An inspired Alexander Zverev on Sunday beat world No.1 Novak Djokovic 6-4 6-3 to win the ATP Finals, the biggest title of the German’s fledgling career.
The 21-year-old broke serve once in the opening set and three times in the second to pull off a shock victory in a packed 02 Arena, denying the Serb a record-equalling sixth title at the ATP’s blue-riband event.
Djokovic was a firm favourite having looked unbeatable all week, not dropping a set or even a service game, but 24 hours after being booed following a semifinal win over Roger Federer, Zverev had the crowd drooling over an audacious display.
"I appreciate you letting me win one today"
— Tennis TV (@TennisTV) November 18, 2018
Zverev is the first German to win the title since Boris Becker in Frankfurt in 1995 and the youngest since Djokovic won at the same age in Shanghai in 2008.
He is also the first player to ever beat both Djokovic and Federer at the same edition of the ATP Finals, and first to beat the top two seeds in the semifinals and finals of the event since Andre Agassi did so in 1990.
|ATP Finals||ATP Finals (2018)|
|Masters 1000||Madrid (2018); Rome, Montreal (2017)|
|500||Washington DC (2018, 2017)|
|250||Munich (2018, 2017); Montpellier (2017); St Petersburg (2016)|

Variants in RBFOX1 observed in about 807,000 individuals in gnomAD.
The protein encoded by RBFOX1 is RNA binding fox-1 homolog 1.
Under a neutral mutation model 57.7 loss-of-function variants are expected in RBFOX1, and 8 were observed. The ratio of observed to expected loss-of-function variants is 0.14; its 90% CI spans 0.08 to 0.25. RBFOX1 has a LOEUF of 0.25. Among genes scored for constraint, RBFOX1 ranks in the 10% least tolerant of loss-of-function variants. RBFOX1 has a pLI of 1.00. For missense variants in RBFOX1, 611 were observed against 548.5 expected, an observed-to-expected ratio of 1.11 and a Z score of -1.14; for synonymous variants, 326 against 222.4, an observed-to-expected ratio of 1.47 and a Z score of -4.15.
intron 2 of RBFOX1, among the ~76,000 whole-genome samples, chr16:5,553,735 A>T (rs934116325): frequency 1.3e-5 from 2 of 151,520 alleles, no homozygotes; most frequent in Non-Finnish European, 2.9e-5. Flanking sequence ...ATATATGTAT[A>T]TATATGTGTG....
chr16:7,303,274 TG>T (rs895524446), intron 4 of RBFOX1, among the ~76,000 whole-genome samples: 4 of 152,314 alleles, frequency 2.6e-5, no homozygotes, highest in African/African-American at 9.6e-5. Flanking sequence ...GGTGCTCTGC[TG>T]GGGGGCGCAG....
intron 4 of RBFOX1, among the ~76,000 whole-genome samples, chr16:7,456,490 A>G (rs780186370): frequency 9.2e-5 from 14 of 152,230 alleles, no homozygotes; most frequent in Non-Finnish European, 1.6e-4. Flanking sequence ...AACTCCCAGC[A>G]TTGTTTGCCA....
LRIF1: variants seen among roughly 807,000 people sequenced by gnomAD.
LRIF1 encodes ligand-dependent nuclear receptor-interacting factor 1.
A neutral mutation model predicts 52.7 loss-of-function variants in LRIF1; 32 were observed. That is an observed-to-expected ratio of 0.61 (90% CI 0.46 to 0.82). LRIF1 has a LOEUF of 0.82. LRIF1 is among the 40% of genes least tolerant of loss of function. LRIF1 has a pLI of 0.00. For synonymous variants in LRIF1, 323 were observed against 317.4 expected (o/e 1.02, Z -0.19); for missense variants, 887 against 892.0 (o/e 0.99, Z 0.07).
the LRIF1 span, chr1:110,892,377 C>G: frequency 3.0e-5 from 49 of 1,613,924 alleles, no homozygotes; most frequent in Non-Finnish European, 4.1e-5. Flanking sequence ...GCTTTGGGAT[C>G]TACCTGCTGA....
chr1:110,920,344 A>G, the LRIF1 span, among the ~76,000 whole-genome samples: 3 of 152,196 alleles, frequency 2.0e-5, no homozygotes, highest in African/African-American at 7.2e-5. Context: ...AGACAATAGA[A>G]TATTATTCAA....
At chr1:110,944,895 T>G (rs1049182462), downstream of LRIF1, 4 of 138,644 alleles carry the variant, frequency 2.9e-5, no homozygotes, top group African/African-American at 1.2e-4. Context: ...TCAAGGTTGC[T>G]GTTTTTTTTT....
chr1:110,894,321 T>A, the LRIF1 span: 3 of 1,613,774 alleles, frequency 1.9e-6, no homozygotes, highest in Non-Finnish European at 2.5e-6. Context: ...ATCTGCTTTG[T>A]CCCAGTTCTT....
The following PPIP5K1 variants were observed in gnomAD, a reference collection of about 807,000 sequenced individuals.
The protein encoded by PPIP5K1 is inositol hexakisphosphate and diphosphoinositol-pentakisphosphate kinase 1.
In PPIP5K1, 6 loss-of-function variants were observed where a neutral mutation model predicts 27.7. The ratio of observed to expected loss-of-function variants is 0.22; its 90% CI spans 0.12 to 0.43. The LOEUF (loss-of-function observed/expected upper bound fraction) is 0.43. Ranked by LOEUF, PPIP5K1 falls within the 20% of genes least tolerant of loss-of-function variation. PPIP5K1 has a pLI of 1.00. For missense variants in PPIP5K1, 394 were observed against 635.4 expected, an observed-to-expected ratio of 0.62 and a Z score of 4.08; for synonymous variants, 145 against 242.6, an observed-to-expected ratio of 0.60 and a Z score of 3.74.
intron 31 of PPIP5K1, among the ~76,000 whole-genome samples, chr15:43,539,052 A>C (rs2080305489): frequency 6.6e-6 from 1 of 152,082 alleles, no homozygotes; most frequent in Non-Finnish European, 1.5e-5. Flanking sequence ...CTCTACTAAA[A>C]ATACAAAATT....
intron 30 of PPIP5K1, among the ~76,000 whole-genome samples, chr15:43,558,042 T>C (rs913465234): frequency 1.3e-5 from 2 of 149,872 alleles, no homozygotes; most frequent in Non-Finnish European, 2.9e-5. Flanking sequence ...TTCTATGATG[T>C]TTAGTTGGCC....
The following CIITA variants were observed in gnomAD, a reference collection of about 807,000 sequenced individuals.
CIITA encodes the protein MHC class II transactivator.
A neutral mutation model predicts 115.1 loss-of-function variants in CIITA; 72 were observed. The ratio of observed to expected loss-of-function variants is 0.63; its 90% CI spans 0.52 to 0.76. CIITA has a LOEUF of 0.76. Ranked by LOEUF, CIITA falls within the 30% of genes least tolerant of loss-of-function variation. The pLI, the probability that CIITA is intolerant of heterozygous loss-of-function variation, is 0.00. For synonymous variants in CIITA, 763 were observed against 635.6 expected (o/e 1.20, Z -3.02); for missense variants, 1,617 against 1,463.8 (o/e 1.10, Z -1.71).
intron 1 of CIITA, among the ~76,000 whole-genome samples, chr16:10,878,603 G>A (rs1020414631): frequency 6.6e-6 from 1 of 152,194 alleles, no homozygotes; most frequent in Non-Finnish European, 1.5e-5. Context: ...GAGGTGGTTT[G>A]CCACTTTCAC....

“I really can’t describe it. It’s the biggest title I’ve won in my career,” said Zverev.
“Novak has been incredible and he’s barely lost a match but I’m glad you lost one to me today.”
Djokovic had beaten Zverev comfortably in the round-robin phase on Wednesday, but he looked edgy.
At 4-4 in the opener, a couple of poor Djokovic forehands gave Zverev the chance to serve for the set and he sealed it, thanks to three consecutive aces.
An increasingly ragged Djokovic then dropped his opening two service games of the second set, either side of breaking Zverev for the first time.
With victory looming, world No.5 Zverev showed no sign of nerves and clinched the title when he sent a backhand winner past a stunned Djokovic to claim the win in one hour 20 minutes.
He collapsed on to his back before Djokovic sportingly walked around to the other side to congratulate him.
Earlier, American pair Mike Bryan and Jack Sock saved a match point in the deciding tiebreaker to beat Pierre-Hughes Herbert and Nicolas Mahut 5-7 6-1 [13-11] for their first ATP Finals doubles title together.
Having failed to take advantage of five championship points during the first-to-10 match tiebreaker, Bryan and Sock then had to save one against their French opponents before finally closing out victory.
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